Slots Referendum Is Political Cowardice
As the General Assembly gets busy soon in a special session to deal with the state’s budget deficit, a lot of focus is being put on the financial “savior” of slots. But the problem is that the General Assembly and Governor O’Malley have displayed an unbelievable lack of political courage in calling for a referendum on slots.
Now, it may seem odd for someone like me, a believer in democracy and the power of the average voter to actually understand what is going on, but punting on the slots issue is cowardice defined. Rather than making the tough call and possibly irritating their constitutents who might vote them out of office (gasp!!), the General Assembly is obviously more interested in their political backsides than in actually solving our financial problems.
Under normal circumstances, I could care less if slots are brought to the state or not. I do think that it will bring in business and jobs and tax revenue, but I don’t think it is the proper long term solution to Maryland’s financial woes. I don’t subscribe to the view among evangelicals that gambling is inherently bad (and if it is so bad and against the Commandments, why do so many churches have bingo night?) But I digress. Gambling is a personal decision. I also am not much of a horse racing enthusiast and so I don’t care about that industry–if it were so vital to our state’s economy why isn’t it doing better?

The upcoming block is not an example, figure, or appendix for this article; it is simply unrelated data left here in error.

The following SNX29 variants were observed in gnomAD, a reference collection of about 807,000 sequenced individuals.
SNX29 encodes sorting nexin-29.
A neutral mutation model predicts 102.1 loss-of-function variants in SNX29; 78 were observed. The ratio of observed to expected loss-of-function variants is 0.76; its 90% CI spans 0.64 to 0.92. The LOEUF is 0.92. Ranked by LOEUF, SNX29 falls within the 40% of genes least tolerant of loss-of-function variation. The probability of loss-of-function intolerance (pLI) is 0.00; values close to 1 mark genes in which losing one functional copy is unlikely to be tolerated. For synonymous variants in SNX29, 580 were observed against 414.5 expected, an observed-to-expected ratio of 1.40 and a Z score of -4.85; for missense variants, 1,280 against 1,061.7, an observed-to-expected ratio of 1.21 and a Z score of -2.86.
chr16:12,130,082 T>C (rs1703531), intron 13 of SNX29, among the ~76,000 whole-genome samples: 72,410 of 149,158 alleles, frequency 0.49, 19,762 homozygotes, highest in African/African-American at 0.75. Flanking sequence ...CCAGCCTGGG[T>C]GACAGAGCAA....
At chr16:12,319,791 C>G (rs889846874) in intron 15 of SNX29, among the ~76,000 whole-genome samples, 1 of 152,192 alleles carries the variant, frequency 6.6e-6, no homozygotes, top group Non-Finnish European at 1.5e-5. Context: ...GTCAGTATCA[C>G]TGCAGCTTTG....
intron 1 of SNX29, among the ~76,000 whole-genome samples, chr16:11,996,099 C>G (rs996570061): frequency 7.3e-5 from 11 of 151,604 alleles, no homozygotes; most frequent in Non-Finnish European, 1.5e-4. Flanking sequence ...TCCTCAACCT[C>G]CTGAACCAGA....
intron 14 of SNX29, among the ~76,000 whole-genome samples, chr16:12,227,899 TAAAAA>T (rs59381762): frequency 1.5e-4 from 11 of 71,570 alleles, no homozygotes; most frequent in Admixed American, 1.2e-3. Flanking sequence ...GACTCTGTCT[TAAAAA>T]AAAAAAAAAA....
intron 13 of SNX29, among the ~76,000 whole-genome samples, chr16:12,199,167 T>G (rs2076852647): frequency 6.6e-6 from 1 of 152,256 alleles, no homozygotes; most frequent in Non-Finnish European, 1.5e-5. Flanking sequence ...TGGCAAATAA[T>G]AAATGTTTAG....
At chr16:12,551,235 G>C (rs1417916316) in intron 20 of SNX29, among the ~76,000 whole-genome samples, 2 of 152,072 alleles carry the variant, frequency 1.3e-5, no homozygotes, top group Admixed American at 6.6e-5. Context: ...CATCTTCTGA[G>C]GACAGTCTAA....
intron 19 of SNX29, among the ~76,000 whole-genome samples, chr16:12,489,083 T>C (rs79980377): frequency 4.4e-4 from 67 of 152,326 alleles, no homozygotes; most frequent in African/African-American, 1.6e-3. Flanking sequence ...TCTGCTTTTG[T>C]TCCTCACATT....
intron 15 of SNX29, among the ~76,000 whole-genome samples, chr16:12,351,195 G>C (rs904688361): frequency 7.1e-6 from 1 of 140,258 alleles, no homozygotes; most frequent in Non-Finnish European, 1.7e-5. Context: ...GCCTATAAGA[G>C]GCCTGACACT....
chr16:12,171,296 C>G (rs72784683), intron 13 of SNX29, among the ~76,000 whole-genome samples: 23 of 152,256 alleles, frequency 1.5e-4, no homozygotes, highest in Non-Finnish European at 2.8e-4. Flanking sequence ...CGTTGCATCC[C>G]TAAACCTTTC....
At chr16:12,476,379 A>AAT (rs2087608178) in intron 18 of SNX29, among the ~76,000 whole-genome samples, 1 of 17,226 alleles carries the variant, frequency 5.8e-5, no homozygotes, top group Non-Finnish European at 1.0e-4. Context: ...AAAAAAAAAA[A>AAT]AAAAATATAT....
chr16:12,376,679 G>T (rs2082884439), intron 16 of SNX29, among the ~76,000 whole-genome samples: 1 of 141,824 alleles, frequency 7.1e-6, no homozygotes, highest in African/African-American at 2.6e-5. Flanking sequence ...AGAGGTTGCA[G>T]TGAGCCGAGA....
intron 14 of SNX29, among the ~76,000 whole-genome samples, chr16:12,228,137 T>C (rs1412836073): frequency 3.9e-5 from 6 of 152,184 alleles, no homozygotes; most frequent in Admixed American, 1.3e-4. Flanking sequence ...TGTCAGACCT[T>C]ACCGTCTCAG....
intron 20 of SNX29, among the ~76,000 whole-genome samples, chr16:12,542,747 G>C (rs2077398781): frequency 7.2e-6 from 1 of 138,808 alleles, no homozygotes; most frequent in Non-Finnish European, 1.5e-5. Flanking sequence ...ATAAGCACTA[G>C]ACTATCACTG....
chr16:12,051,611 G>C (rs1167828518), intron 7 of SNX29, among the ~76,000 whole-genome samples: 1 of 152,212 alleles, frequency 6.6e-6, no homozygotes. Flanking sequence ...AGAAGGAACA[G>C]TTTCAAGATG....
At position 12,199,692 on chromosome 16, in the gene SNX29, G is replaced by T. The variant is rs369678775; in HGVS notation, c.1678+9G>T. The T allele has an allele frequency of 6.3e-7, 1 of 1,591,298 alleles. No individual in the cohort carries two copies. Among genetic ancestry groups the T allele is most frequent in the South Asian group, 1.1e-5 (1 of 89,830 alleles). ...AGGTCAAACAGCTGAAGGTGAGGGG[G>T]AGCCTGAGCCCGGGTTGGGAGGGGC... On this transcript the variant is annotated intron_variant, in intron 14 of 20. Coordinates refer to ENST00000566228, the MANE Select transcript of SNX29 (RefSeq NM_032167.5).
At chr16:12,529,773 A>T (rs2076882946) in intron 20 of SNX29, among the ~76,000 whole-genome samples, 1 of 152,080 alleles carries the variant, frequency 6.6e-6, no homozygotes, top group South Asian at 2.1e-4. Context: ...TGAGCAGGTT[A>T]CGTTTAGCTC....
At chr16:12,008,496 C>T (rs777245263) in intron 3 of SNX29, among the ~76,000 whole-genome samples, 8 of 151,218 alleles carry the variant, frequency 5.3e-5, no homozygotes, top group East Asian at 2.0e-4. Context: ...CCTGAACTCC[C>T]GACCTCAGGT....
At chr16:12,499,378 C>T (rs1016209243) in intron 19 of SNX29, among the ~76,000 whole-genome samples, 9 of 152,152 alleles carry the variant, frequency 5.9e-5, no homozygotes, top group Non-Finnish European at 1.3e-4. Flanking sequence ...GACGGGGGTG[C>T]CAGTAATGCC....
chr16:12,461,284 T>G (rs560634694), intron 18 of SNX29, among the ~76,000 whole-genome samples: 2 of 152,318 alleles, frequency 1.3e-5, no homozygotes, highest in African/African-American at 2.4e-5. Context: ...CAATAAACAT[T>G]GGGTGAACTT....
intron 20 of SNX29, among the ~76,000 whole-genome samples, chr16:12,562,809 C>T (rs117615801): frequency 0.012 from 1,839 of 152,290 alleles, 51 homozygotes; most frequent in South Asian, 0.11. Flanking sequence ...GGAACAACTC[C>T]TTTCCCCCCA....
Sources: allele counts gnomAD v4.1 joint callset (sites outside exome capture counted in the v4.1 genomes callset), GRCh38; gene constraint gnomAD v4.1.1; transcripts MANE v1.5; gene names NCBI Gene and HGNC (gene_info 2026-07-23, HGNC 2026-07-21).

But if slots don’t come to the state, then the General Assembly and Uncle Marty will still have to solve the budget crisis. Given their current operational ideas (increasing taxes), then having slots will help keep my tax bill down so in that regard I want slots to come to Maryland.
But what I want more is elected leaders who have the backbone to make the decision themselves. They will be sitting in special session to solve a budget crisis where one of the major components of income for the state (one that is in some ways being relied upon) will not be decided for a full year and then will have to wait several months before we actually see income from slots, delaying relief on the tax front for at least 12-15 months.
We supposed elect these men and women to make the tough choices, to prioritize what is important for our state. The slots issue, like it or not, has become an important choice for us Marylanders. Punting on the issue is not a matter of governmental principal, power to the people and all that, it is about political CYA and for that reason alone, the General Assembly should be given a great big boot in … well their precious political backsides.